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Orofacial neuropathic pain and neuralgia in older adults

Orofacial Neuropathic Pain and
Neuralgia in Older Adults
HERMAN OSTROW SCHOOL OF DENTISTRY OF USC
Disclosure Information
Orofacial Neuropathic Pain and Neuralgia in Older Adults
Phuu Han

Continuing Medical Education committee members and those involved in the planning of this CME Event have no financial relationships to disclose.
I have no financial relationships to disclose I will discuss off label use and/or investigational use of the following medications in my presentation.
Tricyclic antidepressants, Clonazepam, Oxcarbazepine, Lamotrigine, Gabapentin, Pregablin and Topiramate.
Orofacial Neuropathic Pain
Zakrzewska JM. J Headache Pain. 2013 Apr 25;14(1):37.
Common Neuropathic Orofacial Pain
Trigeminal NeuralgiaHerpes Zoster and Post-Herpetic NeuralgiaBurning Mouth Syndrome (BMS) Zakrzewska JM. J Headache Pain. 2013 Apr 25;14(1):37.
Trigeminal Neuralgia - Epidemiology
• Annual incidence 4 – 13 per 100,000 people• Most frequently seen neuralgias in the elderly• Peak age of onset 50 - 60 years and incidence increase with age • Male : Female – 1 : 1.7• Most commonly involved V2 and/or V3 division• V1 division is involved in <5% of patient Trigeminal Neuralgia IASP 2013, Trigeminal Neuralgia; UpToDate.com Topic 5283 Version 17.0 Trigeminal Neuralgia - Classic
A. At least three attacks of unilateral facial pain fulfilling criteria B B. Occuring in one or more divisions of the trigeminal nerve, with no radiation beyond the trigeminal distribution Pain has at least three of the following characteristics:1.
recurring in paroxysmal attacks lasting for a fraction of a second to 2 minutes2.
electric shock-like, shooting, stabbing or sharp in quality precipitated by innocuous stimuli to the affected side of the No clinically evident neurological deficit D. No better accounted for by another ICHD-3 diagnosis The international Classification of Headache Disorders, 3rd Edition (beta version). Cephalagia 2013; 33: 629.
Trigeminal Neuralgia - Classic
• Classical trigeminal neuralgia, purely paroxysmal• Classical trigeminal neuralgia with concomitant persistent (Atypical trigeminal neuralgia; trigeminal neuralgia type 2) A. Recurrent attacks of unilateral facial pain fulfilling criteria for 13.1.1 Classical trigeminal neuralgia B. Persistent facial pain of moderate intensity in the affected area C. Not better accounted for by another ICHD-3 diagnosis.
Trigeminal Neuralgia - Classic
Usually unilateral but it may rarely occur bilaterally Following a painful paroxysm there is usually a refractory periodduring which pain cannot be triggered.
In some cases a paroxysm may be triggered from somatosensorystimuli outside the trigeminal area, such as a limb, or by othersensory stimulation such as bright lights, loud noises or tastes.
The pain often evokes spasm of the muscle of the face on the
affected side (tic douloureux).
Many, possibly most (80 – 90%), patients with this condition havecompression of the trigeminal root by tortuous or aberrant vessels.
Classical trigeminal neuralgia is usually responsive, at least initially,to pharmacotherapy.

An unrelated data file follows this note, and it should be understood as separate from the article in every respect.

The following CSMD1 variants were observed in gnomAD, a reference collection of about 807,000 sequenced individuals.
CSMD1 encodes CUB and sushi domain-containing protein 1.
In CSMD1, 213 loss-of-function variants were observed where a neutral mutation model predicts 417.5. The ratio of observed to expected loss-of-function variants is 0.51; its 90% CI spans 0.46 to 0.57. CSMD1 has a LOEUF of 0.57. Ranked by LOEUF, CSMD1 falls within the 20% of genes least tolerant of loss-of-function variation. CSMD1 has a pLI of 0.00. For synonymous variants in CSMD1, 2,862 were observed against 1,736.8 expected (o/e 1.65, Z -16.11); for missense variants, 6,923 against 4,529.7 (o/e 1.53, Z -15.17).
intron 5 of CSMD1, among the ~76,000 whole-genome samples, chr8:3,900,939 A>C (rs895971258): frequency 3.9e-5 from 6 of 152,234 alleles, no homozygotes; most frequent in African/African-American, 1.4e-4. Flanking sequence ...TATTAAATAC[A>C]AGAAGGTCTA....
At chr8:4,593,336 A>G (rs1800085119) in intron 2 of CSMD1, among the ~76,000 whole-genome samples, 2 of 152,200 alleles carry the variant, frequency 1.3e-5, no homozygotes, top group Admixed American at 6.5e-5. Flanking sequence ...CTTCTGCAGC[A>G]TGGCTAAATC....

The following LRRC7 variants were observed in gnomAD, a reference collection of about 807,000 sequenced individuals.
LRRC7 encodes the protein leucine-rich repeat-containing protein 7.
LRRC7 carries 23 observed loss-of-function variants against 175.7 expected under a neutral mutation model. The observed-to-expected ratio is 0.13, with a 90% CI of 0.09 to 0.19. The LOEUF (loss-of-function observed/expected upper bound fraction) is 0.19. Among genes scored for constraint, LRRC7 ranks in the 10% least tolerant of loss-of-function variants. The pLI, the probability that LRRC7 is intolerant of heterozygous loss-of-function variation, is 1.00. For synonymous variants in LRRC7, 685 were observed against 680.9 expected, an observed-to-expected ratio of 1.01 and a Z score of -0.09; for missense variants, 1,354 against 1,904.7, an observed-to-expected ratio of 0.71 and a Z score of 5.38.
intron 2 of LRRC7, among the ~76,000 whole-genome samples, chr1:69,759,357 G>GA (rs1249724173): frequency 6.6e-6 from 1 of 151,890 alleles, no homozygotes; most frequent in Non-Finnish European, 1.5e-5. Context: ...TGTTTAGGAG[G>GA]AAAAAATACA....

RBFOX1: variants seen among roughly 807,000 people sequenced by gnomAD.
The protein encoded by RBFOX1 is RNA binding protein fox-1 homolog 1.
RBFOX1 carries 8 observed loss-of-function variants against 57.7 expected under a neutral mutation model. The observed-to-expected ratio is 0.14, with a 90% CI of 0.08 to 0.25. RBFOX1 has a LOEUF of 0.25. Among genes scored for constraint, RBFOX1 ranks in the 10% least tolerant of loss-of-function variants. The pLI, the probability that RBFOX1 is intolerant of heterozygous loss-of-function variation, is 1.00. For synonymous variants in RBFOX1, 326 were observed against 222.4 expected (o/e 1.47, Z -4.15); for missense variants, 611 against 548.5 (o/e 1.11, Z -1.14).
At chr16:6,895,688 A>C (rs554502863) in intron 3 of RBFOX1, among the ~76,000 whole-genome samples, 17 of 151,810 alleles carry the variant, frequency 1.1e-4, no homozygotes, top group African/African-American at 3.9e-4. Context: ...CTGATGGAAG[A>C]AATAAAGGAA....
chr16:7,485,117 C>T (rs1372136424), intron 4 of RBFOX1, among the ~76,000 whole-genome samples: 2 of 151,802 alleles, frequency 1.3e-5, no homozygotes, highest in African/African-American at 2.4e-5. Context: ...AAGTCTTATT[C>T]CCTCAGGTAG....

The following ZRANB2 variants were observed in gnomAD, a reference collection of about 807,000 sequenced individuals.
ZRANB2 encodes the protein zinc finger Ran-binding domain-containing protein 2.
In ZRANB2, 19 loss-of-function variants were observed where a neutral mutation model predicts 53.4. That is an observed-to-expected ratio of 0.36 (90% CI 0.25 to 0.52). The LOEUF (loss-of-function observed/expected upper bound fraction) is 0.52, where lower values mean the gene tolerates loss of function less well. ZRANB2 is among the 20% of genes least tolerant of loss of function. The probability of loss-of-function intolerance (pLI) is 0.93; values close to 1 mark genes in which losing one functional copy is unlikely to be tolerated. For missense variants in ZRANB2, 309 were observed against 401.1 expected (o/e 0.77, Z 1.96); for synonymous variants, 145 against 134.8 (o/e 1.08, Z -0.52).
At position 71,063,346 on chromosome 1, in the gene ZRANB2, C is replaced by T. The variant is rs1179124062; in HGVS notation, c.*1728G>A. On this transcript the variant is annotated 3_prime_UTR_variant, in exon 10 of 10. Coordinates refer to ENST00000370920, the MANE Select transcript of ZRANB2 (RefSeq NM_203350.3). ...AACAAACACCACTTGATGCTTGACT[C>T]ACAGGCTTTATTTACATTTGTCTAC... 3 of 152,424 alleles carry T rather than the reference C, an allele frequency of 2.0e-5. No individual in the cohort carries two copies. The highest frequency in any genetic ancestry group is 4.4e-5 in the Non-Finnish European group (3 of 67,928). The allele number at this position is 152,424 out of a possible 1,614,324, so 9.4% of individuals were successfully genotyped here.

Painful trigeminal neuropathy attributed to
MS Plaque

A. Head and/or facial pain with the characteristics of Classical persistent facial pain, but not necessarily unilateral B. Multiple sclerosis (MS) has been diagnosedC. An MS plaque affecting the trigeminal nerve root has been demonstrated by MRI or by routine electrophysiologicalstudies (blink reflex or trigeminal evoked potentials)indicating impairment of the affected trigeminal nerve(s) D. Not better accounted for by another ICHD-3 diagnosis.
The international Classification of Headache Disorders, 3rd Edition (beta version). Cephalagia 2013; 33: 629.
Painful trigeminal neuropathy attributed to
space-occupying lesion

A. Unilateral head and/or facial pain with the characteristics concomitant persistent facial pain and fulfilling criterion C B. A space-occupying lesion, and contact between the lesion demonstrated by imaging C. Pain has developed after contact occurred between the lesion and the trigeminal nerve, or led to its discovery D. Not better accounted for by another ICHD-3 diagnosis.
E.g Acoustic neuroma, meningioma, epidermoid cyst, aneurysm or AV malformation The international Classification of Headache Disorders, 3rd Edition (beta version). Cephalagia 2013; 33: 629.
Secondary/Sympomatic
• There may be sensory impairment in the distribution
of the appropriate trigeminal division.
demonstrates refractory period after a paroxysm.
• May not respond to pharmacologic treatment.
Pretrigeminal neuralgia
• Pretrigeminal neuralgia  unnecessary dental
The international Classification of Headache Disorders, 3rd Edition (beta version). Cephalagia 2013; 33: 629.
Trigeminal Neuralgia – Clinical Examination
• History• Clinical examination – Cranial nerve examination• Characteristics of symptomatic TN • presence of sensory deficit
• age of onset
• first division involvement
bilateral involvement
• unresponsiveness to treatment
abnormal blink reflexes
• Additional examination – CT, MRI, MRA ( up to 15% of patients with TN), Evoked potential • Treatment – Pharmacologic, Botulinum Toxin Injection, Surgical (Peripheral or central) Trigeminal Neuralgia IASP 2013, Trigeminal Neuralgia; UpToDate.com Topic 5283 Version 17.0 Trigeminal Neuralgia – Pharmacological Treatment